I’ve been wearing my cast for a week now. The best part of that is that I only have to wear it for two more weeks. But who’s counting? Well, if you have to know – I am. I must say there are things I’d forgotten about wearing a cast, as well as some differences from the first one. The fingers on my left hand are much stronger and more useful than my right hand was after surgery. I can manage many things using just the fingers and pressure against my palm on my cast hand. Actions requiring a lot of strength, like lifting heavy items, are not possible without great discomfort. I can type fairly well, but my thumb keeps hitting the space bar and my fingers have to work hard to get into position to use the keyboard. The strain on my hand is very tiring, especially since I tend to make a lot of mistakes and then spend time correcting. The thing I find frustrating is that I can’t pick up a pen and write. I have missed sending several birthday cards because I don’t want to send them out with just my name on them. I can’t even address the envelopes myself!
Here are a couple of quirky things I’ve experienced. I tried working on a tea cozy the other day, but it was so tedious trying to pin the pattern and hold it in place with my left hand that I had ro quit. I hit myself in the face when I forgot the cast and reached to scratch my nose too quickly. When I get ready for bed sometimes I reach to take off my cast like it was a piece of clothing – wishful thinking. The end of the pin in my hand is quite irritating. The cast puts pressure on the pin so I need to fiddle and adjust the placement of my arm to get comfortable, and this is most noticeable when I’m trying to get to sleep. Taking a shower, especially when I need to wash my hair, is very time-consuming and frustrating. Everything just takes longer. I sort of slacked off with my regular Tylenol routine, but I’m back at it. Perhaps I’m not quite ready to do without some mild pain numbing drugs.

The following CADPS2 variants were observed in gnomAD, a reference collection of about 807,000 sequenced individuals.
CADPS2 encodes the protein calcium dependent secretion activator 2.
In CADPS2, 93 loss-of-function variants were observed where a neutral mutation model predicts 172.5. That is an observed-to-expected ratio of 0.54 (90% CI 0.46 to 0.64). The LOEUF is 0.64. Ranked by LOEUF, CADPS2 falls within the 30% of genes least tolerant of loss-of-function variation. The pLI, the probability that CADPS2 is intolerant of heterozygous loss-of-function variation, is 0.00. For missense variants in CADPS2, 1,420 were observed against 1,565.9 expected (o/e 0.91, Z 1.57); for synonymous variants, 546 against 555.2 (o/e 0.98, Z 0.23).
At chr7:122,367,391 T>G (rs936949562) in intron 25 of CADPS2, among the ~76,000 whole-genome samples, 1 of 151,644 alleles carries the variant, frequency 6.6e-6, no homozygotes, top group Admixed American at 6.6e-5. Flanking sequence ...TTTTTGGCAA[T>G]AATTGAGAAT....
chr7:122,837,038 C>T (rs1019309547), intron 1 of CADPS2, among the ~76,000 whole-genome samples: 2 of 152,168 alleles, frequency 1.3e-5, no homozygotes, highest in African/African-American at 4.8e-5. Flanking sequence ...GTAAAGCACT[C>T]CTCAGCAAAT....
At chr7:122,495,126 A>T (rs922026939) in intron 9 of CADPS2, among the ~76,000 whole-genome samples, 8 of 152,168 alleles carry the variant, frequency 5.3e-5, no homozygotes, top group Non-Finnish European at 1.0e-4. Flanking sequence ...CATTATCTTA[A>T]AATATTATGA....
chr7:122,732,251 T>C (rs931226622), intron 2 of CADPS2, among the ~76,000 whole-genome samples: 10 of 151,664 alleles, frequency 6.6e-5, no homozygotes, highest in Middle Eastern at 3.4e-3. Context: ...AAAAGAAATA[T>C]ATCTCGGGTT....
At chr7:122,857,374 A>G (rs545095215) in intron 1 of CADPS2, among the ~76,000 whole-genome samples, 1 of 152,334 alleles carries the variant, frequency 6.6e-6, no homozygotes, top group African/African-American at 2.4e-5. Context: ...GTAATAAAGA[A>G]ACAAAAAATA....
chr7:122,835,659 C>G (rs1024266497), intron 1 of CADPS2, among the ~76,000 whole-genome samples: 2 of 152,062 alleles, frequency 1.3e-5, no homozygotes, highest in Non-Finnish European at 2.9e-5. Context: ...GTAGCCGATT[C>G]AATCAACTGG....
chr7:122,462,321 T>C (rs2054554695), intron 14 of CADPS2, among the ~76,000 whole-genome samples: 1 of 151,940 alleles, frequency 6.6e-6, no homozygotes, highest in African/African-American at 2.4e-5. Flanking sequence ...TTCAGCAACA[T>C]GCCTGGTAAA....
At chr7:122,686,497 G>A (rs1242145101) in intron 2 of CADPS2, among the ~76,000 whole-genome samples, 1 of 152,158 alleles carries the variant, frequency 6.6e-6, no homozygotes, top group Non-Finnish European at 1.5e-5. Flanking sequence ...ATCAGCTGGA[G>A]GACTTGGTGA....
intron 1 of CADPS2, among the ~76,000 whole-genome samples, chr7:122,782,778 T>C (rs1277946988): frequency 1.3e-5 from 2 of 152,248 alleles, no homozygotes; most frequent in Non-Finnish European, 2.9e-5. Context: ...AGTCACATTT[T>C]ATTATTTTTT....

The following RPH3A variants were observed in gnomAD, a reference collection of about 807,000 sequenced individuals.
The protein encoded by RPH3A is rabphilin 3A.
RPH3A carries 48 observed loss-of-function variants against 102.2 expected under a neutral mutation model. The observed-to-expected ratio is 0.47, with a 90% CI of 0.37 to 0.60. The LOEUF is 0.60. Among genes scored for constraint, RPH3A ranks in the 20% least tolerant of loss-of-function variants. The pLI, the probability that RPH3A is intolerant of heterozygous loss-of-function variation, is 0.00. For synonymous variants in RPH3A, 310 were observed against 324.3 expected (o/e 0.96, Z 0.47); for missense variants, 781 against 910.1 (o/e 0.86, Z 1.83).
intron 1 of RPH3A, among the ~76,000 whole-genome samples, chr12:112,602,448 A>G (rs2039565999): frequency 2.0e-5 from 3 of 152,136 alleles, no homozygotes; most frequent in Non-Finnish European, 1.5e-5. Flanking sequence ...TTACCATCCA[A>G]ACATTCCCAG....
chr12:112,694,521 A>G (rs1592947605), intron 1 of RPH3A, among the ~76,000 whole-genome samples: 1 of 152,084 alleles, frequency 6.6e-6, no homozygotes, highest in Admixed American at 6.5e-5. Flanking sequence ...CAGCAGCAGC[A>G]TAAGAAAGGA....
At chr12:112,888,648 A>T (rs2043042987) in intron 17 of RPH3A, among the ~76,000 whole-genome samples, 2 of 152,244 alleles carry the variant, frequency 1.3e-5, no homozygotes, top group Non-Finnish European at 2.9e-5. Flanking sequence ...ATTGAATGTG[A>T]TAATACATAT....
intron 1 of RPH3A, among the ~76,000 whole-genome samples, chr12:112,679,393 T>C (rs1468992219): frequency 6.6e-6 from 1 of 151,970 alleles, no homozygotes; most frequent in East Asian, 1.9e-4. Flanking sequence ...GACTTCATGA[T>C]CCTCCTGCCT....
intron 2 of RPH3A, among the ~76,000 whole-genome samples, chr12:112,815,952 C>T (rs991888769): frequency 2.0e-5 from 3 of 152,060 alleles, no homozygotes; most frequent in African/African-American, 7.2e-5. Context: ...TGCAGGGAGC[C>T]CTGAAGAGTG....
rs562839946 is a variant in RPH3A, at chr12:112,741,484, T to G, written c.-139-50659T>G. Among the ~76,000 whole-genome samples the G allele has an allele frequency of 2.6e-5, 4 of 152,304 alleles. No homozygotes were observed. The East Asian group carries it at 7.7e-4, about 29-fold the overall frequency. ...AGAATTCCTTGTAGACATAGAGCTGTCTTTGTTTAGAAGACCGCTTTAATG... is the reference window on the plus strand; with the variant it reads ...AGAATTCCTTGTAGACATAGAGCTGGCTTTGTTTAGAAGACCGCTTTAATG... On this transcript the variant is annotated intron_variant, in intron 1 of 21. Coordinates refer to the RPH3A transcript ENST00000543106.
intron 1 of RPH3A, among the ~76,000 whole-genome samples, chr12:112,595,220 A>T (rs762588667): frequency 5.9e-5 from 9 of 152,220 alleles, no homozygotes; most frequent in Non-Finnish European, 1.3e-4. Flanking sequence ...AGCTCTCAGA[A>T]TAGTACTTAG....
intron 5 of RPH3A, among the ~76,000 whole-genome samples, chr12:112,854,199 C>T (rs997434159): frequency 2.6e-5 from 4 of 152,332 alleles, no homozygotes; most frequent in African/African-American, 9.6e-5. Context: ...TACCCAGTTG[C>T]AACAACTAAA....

Then something happened to add to the fun around here. My husband, Bob, called from his ski trip to say that he’d broken his leg. He was in Golden, B.C. and came by ambulance to Calgary. He’s been at the hospital for a couple of days, and finally this morning had surgery to fix his broken tibula and fibula. Bet you wish you were at our house over the next few weeks! Bob was not in a great deal of pain while he was waiting – downright great spirit actually. Here’s what the leg looked like last night:
The only experience I’ve had around a broken leg was when my son, Brad, broke his leg. He was 2, and still in diapers. I’m thinking this will be a bit different. I hope so.